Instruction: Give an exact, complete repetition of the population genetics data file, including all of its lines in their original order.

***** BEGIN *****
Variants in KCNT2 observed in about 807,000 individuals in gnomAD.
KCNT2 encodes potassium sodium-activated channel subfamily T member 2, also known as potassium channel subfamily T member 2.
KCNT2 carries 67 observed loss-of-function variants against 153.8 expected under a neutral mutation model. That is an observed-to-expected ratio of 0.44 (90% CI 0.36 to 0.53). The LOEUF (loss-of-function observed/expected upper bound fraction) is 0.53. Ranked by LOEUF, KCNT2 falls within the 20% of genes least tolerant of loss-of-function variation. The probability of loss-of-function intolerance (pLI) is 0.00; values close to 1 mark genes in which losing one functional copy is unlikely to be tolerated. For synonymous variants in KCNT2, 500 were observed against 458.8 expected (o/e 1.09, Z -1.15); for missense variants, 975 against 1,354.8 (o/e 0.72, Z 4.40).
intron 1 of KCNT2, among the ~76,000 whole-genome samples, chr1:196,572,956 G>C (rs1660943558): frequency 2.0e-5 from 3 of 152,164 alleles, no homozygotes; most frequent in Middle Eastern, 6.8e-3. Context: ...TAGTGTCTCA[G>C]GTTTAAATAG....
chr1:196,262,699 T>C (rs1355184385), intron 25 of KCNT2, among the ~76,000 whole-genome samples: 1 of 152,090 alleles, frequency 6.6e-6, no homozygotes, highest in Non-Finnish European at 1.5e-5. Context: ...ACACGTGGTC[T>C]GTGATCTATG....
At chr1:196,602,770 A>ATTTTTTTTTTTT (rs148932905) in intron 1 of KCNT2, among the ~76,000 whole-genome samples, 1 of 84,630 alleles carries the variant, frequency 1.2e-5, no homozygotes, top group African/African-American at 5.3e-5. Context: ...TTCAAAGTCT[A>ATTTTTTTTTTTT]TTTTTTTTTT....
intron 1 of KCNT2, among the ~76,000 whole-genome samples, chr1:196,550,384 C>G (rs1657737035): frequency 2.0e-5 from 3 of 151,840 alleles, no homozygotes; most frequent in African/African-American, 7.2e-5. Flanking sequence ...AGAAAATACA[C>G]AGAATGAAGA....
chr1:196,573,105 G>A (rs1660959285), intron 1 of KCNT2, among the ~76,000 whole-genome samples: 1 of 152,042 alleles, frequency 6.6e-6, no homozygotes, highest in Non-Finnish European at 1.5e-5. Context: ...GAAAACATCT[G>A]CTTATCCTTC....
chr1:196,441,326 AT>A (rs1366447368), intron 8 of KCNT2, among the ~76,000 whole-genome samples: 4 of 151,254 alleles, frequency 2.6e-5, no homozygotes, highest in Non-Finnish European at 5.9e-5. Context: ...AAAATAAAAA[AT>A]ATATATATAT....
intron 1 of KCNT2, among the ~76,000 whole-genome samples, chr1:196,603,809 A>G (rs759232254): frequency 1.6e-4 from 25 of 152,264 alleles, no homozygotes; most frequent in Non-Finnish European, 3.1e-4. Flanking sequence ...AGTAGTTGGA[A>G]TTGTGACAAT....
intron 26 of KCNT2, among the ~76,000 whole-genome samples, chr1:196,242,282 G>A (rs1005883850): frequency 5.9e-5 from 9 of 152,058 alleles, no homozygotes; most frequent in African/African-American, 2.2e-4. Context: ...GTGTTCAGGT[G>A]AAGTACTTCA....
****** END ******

Variants in KCNT2 observed in about 807,000 individuals in gnomAD.
KCNT2 encodes potassium sodium-activated channel subfamily T member 2, also known as potassium channel subfamily T member 2.
KCNT2 carries 67 observed loss-of-function variants against 153.8 expected under a neutral mutation model. That is an observed-to-expected ratio of 0.44 (90% CI 0.36 to 0.53). The LOEUF (loss-of-function observed/expected upper bound fraction) is 0.53. Ranked by LOEUF, KCNT2 falls within the 20% of genes least tolerant of loss-of-function variation. The probability of loss-of-function intolerance (pLI) is 0.00; values close to 1 mark genes in which losing one functional copy is unlikely to be tolerated. For synonymous variants in KCNT2, 500 were observed against 458.8 expected (o/e 1.09, Z -1.15); for missense variants, 975 against 1,354.8 (o/e 0.72, Z 4.40).
intron 1 of KCNT2, among the ~76,000 whole-genome samples, chr1:196,572,956 G>C (rs1660943558): frequency 2.0e-5 from 3 of 152,164 alleles, no homozygotes; most frequent in Middle Eastern, 6.8e-3. Context: ...TAGTGTCTCA[G>C]GTTTAAATAG....
chr1:196,262,699 T>C (rs1355184385), intron 25 of KCNT2, among the ~76,000 whole-genome samples: 1 of 152,090 alleles, frequency 6.6e-6, no homozygotes, highest in Non-Finnish European at 1.5e-5. Context: ...ACACGTGGTC[T>C]GTGATCTATG....
At chr1:196,602,770 A>ATTTTTTTTTTTT (rs148932905) in intron 1 of KCNT2, among the ~76,000 whole-genome samples, 1 of 84,630 alleles carries the variant, frequency 1.2e-5, no homozygotes, top group African/African-American at 5.3e-5. Context: ...TTCAAAGTCT[A>ATTTTTTTTTTTT]TTTTTTTTTT....
intron 1 of KCNT2, among the ~76,000 whole-genome samples, chr1:196,550,384 C>G (rs1657737035): frequency 2.0e-5 from 3 of 151,840 alleles, no homozygotes; most frequent in African/African-American, 7.2e-5. Flanking sequence ...AGAAAATACA[C>G]AGAATGAAGA....
chr1:196,573,105 G>A (rs1660959285), intron 1 of KCNT2, among the ~76,000 whole-genome samples: 1 of 152,042 alleles, frequency 6.6e-6, no homozygotes, highest in Non-Finnish European at 1.5e-5. Context: ...GAAAACATCT[G>A]CTTATCCTTC....
chr1:196,441,326 AT>A (rs1366447368), intron 8 of KCNT2, among the ~76,000 whole-genome samples: 4 of 151,254 alleles, frequency 2.6e-5, no homozygotes, highest in Non-Finnish European at 5.9e-5. Context: ...AAAATAAAAA[AT>A]ATATATATAT....
intron 1 of KCNT2, among the ~76,000 whole-genome samples, chr1:196,603,809 A>G (rs759232254): frequency 1.6e-4 from 25 of 152,264 alleles, no homozygotes; most frequent in Non-Finnish European, 3.1e-4. Flanking sequence ...AGTAGTTGGA[A>G]TTGTGACAAT....
intron 26 of KCNT2, among the ~76,000 whole-genome samples, chr1:196,242,282 G>A (rs1005883850): frequency 5.9e-5 from 9 of 152,058 alleles, no homozygotes; most frequent in African/African-American, 2.2e-4. Context: ...GTGTTCAGGT[G>A]AAGTACTTCA....